The present invention further comprises a belt arrangement in which a strip of latching textile hook material, such as sold under the trademark Velcro, is secured firmly to the rear side of the applicator head, with the belt being provided with interior and exterior receptive Velcro textile pile surfaces so that the applicator can be latched to the belt. The applicator can be latched in such a fashion that it is not restricted by the confining dimensions of a pocket or other arrangement, and this allows for greater freedom of positioning of the applicator as well as eliminating material required.
The applicator is provided with a watertight seal at its lower end, and its head is divided into two parts which are fitted flush against each other and secured with a watertight seal so as to prevent seepage of water.
The applicator is comprised of a housing made of molded plastic, which is divided at the head end of the applicator into two parts, a top head section, and a lower part. The lower part is molded so as to provide a passageway for the transmission of the drive of the cable to rotate the eccentric shaft and the eccentric. The applicator structure is such that separate parts to provide the transmission are reduced and ease in assembly and repair is facilitated.
The shaft within the applicator is subjected to maximum stress at the end adjacent the eccentric. The present invention comprises a bearing at two locations of the shaft, with the bearing nearest the eccentric being of greater strength than the farther bearing.
The invention further comprises a combined handle and mounting member on top of the power unit. The handle mount has a curved U-shaped upper recess to receive the elongated end of the applicator handle. A projection at the end of the applicator handle fits into a slot in the interior surface of the handle mount so as to prevent movement of the applicator along the handle mount. Two knobs extending from the interior side of the handle mount interior surface are resilient enough to allow the applicator handle to be pushed down beneath the, but yet hold the applicator against the weaker forces which can be applied to the applicator due to jostling or improper handling, but allows the applicator to be removed by a firm upward pull of the hand. The fit of the applicator handle within the handle of the power unit is such that a single hand can be gripped around both to carry the power unit and the applicator.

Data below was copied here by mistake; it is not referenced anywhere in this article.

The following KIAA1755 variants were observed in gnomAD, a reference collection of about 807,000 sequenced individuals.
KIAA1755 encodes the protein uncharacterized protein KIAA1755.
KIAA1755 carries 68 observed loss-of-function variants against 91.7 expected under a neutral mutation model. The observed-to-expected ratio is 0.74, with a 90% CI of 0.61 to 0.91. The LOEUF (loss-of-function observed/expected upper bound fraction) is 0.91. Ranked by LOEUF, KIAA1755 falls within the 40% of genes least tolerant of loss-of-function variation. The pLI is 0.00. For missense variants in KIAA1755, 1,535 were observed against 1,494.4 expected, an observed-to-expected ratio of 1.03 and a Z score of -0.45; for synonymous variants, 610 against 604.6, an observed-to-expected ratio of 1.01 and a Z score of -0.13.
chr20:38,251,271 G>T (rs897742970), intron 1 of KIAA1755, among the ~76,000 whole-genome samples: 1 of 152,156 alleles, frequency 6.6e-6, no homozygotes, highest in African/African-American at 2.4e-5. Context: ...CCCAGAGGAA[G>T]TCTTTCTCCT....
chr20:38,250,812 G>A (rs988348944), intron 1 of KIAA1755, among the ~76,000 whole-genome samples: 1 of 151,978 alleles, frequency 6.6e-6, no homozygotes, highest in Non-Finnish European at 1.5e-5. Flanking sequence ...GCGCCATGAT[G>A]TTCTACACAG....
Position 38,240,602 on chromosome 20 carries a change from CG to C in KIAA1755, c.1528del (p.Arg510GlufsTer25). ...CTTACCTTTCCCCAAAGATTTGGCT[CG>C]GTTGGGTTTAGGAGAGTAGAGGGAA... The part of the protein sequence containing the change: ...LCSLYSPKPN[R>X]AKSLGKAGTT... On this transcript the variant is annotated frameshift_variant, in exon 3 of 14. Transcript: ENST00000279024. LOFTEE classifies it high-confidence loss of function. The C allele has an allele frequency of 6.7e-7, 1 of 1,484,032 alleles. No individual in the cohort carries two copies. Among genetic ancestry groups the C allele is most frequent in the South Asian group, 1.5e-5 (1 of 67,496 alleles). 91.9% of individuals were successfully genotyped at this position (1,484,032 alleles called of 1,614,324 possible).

FIG. 1 is a perspective view of the portable massage apparatus showing the applicator mounted on the power unit;
FIG. 2 is a diametrical section taken on the line 2--2 of FIG. 1 showing the coupling assembly for the power unit;
FIG. 3 is a diametrical section, some parts shown in full, taken on the line 3--3 of FIG. 1;
FIG. 4 is an end section taken at the plane of division of the applicator head on the line 4--4 of FIG. 3, showing some portions as viewed from the end of the applicator;
FIG. 5 is a section taken on the line 5--5 of FIG. 3;
FIG. 6 is a section taken on the line 6--6 of FIG. 5;
FIG. 7 is an end section taken on the line 7--7 of FIG. 3;
FIG. 8 is a section taken on the line 8--8 of FIG. 3;
FIG. 9 is a section taken on the line 9--9 of FIG. 4; and
FIG. 10 is a perspective view showing the applicator attached to the belt.
Generally, the portable massage apparatus 20, as seen in the drawings, comprises a power unit 22 having a top handle 24, which also acts as a mounting assembly for holding a massage applicator 26. The output of the power unit 22 is transferred by a motor coupling assembly 28 through a transmission line 30 which is connected to an applicator coupling assembly 32 (See FIG. 3) within a handle section 34 of the applicator. The coupling 32 is drivingly engaged to an eccentric weight 36 mounted for free rotation within the applicator head section 37 to cause the head to vibrate with a directional stroking motion. A belt 38 (FIG. 10) can be used to secure the applicator 26 and hold it against the body for massaging action.
More specifically, the power unit 22 has a housing 40 which contains a variable speed electric motor 42 (part of which is shown in FIG. 2) operated in a standard fashion by a rotatable control knob 44 to give control over the variable speeds of the cylindrical motor drive shaft 46. Shaft 46 has a cylindrical bore 47 at its outer end, and is connected to the coupling assembly 28.
Coupling assembly 28 comprises a bell-shaped sleeve 50 which extends through a bore in the front wall 51 of housing 40, with its circular bell lip secured by screws 52 to the casing of motor 42. Bell 50 has exterior threads at its outer end, and has an inner cylindrical bore within which is located a drive-slide connector sleeve 53. Connector sleeve 53 has an enlarged cylindrically shaped section 54 having a cylindrical bore which telescopically receives the conforming exterior cylindrical surface of motor shaft 46 and is firmly secured thereto as by a strong adhesive so as to be rotatably driven thereby. Sleeve section 54 thence extends outwardly from its shaft connection into a smaller section 57 which has a section 59 that is crimped to form an interior bore with four flat sides which telescopically receives the conforming squared end key 63 of a drive cable 65 to be drivingly engaged thereto. At its outer end section 57 has a conical tapered bore and a circular rim 60 so that the end of section 57 has a bell shape. Drive cable 65 can be a helically coiled spring type cable, and key 63 can be squared through compression. FIGS. 2-8 show the position of the cable 65 when it is extended to be straight, rather than coiled as shown in FIG. 1. Key 63 extends through section 59, and thence into the motor shaft 47. Cable 65 is covered by a cylindrical outer sheath 67 of flexible plastic, which, along with cable 65, comprises transmission line 30.